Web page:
The Good Sport

by Michael Meagher

If Forrest Gump had been handed a golf club he may have chased a little white ball around American golf courses until he grew a beard and set a few records on the way. But even the indefatigable Gump would have had trouble keeping up with the frenetic pace of Australian marathon golfer Gary “Smokey” Dawson.

For more than 12 years Dawson had literally run around courses and on the way earned more than $2 million for charities – mainly for children suffering from cancer.

Dawson’s golfing horizons grew and grew, until a week of golf in Sydney produced 67 rounds of golf at an average of just seven over par.

No one quite believes him but Dawson says enough’s enough. Once he putts in after a 24-hour fundraiser, for the annual Channel Seven telethon in Western Australia on June 6 and 7, Dawson says he’s putting the marathons behind him. The Foundation, Bear Cottage, the Children’s Cancer Institute and the Women and Infants Research Foundation in Western Australia won’t be happy with the decision. They’ll be hoping for some sort of comeback.

The chase began for Dawson in 1988 when he played 288 holes of golf at his home base at Northbridge Golf Club in Sydney, helping to raise money for a work colleague whose husband had broken his neck. Twelve months later it was 530 holes in 48 hours, a fundraiser for Australia’s Paralympic Team.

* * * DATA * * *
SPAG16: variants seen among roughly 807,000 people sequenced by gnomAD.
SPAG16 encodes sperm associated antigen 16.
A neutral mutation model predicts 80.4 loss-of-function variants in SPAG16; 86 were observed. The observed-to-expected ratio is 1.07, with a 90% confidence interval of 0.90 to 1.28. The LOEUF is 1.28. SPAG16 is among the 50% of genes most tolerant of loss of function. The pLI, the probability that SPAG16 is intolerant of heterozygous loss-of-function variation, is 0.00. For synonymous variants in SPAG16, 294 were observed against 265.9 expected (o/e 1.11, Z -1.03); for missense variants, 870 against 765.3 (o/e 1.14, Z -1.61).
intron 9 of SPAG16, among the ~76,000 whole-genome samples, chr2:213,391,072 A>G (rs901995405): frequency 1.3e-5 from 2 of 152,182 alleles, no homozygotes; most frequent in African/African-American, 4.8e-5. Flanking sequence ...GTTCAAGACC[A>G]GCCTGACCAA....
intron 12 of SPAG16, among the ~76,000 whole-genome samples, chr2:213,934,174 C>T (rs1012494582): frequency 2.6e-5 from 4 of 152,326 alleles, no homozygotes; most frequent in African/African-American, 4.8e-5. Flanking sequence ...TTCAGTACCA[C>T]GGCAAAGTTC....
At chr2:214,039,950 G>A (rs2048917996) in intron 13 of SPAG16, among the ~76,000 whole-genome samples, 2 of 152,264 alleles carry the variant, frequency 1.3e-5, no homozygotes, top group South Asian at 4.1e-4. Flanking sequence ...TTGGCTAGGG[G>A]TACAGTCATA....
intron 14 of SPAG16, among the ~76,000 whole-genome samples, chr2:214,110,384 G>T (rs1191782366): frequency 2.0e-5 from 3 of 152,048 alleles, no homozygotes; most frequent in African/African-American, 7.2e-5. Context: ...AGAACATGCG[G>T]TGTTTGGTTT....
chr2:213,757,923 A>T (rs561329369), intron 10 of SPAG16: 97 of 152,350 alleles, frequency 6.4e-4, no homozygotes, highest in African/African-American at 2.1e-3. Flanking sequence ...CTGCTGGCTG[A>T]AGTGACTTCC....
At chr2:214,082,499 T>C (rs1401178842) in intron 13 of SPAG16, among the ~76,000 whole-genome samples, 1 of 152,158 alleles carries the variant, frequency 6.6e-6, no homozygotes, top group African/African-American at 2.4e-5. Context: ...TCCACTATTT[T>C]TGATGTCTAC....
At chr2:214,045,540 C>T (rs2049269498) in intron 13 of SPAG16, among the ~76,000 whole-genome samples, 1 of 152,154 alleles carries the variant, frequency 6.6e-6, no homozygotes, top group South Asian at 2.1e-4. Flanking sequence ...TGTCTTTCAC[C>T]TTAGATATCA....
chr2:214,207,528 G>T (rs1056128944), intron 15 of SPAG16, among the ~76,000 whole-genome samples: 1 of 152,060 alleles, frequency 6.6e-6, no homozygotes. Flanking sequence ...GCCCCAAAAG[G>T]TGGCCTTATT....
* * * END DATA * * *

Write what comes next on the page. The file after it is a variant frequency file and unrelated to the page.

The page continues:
In 1992 it was 607 holes in three days and three nights. This time the charity was bear Cottage, the hospice for terminally ill children. Before he hit off Dawson met up with six-year-old cancer patient Meaghan. A day and a half into the marathon, with Dawson suffering from fatigue and blistered feet, they met again.

As the young girl thanked him on behalf of the other children at the Cottage, Dawson wiped away tears. “Meaghan broke my heart. She died six months after the event and I thought that while I was fit this wasn’t a bad thing to be doing with my life,” he says.

It was time for Dawson to lift the pace. In a week of golf at Northbridge in 1995 he completed 1180 holes including a hole in one at hole 776 – on the law of averages it probably would not have been fair if he hadn’t notched one.

For the last four years Dawson had featured in 24-hour fundraisers at the Burswood Park Golf Course in Perth. That’s 125 kilometres on the hoof in temperatures of more than 50 degrees Celsius.

Golfers who break out the magnums of Moet when they total less than 100, or even 90, should consider that Dawson’s best over 24 hours (of which some 16 hours is spent at a jog) is 343 holes at an average score of just 71. The quickest of those “sprints” was 41 minutes, when his total was one over par.

Charity is lucky Dawson is partial to exercise. His speedometer has registered close to 100 triathlons and before each golf event he trains three to four hours a day. Is he fit? There was the time business associates were astounded when he met them at the top of Mount Wellington in Hobart for a business meeting. While his colleagues took a bus, Dawson ran the 26 kilometres to the top.

Although this may be the last of the marathons, Dawson’s new venture Bullant Sports a corporate Golf business that is linked to charities, means he’s still fundraising.

“A lot of people have heard about the bloke who runs around fold courses for charity,” he says. “Some of them think I’m a little crazy but the whole point is to inspire people to care – to get up and do things.”